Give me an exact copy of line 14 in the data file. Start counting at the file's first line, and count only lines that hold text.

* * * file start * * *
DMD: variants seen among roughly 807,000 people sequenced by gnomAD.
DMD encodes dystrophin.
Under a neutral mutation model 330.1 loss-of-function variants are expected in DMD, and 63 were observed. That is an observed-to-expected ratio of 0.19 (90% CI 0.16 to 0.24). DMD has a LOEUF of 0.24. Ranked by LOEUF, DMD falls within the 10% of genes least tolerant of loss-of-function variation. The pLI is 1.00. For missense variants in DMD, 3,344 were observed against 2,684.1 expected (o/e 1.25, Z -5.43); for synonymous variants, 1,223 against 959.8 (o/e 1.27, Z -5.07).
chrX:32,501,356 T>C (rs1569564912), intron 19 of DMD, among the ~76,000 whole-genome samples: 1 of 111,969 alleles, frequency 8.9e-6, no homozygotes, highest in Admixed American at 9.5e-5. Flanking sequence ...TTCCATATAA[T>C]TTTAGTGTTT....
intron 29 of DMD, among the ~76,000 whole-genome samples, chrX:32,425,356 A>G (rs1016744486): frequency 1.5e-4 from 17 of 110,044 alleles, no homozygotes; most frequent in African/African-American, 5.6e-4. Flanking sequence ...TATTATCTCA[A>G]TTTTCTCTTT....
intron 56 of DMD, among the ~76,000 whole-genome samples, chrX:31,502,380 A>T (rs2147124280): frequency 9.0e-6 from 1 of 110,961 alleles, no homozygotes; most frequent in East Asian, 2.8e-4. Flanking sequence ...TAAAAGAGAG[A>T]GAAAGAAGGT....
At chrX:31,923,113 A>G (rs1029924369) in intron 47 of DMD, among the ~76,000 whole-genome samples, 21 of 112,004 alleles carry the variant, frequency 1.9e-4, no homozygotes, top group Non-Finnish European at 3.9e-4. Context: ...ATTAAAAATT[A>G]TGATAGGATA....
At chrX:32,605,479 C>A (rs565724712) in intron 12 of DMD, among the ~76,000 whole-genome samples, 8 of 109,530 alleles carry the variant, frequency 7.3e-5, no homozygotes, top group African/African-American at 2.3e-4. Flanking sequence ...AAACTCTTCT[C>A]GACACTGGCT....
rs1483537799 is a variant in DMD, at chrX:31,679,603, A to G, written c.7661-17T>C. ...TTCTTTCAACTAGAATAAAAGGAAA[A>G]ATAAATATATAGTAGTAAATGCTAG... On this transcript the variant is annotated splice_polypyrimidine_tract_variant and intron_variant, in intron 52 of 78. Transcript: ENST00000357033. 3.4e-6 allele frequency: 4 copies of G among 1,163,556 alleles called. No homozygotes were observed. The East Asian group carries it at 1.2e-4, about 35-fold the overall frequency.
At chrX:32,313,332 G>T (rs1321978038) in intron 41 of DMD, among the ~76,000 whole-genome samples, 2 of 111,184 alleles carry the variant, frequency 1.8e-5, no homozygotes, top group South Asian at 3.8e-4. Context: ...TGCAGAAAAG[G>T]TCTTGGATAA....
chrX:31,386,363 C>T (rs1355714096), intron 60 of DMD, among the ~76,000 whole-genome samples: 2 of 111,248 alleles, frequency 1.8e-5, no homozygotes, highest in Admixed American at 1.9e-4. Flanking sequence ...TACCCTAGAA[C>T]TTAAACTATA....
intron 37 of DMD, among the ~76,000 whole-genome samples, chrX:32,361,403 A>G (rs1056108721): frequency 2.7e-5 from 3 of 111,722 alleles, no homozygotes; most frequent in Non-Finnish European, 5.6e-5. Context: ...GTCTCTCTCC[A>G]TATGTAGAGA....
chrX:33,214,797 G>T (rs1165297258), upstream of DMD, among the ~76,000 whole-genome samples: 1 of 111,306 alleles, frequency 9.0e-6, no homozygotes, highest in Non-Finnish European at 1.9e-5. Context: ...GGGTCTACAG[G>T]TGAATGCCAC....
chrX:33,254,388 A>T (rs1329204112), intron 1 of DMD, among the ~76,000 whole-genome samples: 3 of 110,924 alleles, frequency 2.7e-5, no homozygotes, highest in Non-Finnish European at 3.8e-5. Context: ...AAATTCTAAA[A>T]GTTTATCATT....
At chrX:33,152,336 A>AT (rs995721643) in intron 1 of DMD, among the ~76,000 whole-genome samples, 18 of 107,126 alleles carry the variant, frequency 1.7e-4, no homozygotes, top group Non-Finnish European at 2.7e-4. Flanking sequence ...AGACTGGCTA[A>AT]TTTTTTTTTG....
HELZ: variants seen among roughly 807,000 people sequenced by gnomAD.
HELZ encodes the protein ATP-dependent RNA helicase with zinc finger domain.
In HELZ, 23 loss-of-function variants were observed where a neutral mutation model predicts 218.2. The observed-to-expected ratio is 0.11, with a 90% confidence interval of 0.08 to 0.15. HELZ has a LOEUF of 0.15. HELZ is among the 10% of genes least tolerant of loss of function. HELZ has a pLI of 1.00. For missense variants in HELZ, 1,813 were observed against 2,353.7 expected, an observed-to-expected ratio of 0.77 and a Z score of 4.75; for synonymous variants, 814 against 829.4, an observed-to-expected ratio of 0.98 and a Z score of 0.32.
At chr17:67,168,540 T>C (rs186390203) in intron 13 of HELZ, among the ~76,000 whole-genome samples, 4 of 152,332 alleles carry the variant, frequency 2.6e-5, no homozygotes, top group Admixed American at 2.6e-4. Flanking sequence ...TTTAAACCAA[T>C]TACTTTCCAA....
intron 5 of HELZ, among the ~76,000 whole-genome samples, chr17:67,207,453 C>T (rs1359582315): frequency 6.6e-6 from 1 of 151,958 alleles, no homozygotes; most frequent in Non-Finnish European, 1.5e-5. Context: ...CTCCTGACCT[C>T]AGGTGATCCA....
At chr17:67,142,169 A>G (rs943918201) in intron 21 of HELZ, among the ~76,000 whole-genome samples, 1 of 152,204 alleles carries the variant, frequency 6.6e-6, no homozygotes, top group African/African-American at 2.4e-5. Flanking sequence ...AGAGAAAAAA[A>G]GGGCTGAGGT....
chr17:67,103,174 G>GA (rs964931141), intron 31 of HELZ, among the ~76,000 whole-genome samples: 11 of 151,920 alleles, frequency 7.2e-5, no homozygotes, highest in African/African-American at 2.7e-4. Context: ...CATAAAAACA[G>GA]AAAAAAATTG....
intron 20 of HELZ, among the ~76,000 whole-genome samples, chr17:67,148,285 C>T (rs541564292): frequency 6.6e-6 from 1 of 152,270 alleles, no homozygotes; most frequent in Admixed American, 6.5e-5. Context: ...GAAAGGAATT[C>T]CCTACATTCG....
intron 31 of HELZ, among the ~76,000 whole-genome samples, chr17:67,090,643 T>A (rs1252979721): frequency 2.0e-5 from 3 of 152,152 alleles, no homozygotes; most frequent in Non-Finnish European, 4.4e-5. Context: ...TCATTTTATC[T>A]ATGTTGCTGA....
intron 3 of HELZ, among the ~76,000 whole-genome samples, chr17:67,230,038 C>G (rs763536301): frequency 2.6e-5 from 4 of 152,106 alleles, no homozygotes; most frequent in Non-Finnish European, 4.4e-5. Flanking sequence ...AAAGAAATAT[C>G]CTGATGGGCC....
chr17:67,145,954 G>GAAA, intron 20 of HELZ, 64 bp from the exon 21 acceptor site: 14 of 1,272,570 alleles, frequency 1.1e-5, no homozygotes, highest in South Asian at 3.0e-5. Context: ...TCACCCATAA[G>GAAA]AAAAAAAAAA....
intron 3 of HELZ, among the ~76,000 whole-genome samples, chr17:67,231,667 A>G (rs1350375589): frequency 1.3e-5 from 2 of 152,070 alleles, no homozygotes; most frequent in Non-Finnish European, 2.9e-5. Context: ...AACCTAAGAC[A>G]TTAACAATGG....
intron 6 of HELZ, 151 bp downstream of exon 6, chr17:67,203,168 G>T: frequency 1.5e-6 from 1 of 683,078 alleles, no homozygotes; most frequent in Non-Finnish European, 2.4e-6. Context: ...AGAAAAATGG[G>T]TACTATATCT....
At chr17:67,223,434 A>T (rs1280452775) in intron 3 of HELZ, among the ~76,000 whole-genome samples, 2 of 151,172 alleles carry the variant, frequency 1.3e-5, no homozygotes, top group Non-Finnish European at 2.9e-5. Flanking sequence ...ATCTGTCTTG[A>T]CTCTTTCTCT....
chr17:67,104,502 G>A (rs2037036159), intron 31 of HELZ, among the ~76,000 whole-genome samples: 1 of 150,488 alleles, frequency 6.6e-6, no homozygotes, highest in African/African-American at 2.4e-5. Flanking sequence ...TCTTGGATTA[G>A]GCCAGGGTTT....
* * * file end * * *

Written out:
chrX:33,254,388 A>T (rs1329204112), intron 1 of DMD, among the ~76,000 whole-genome samples: 3 of 110,924 alleles, frequency 2.7e-5, no homozygotes, highest in Non-Finnish European at 3.8e-5. Context: ...AAATTCTAAA[A>T]GTTTATCATT....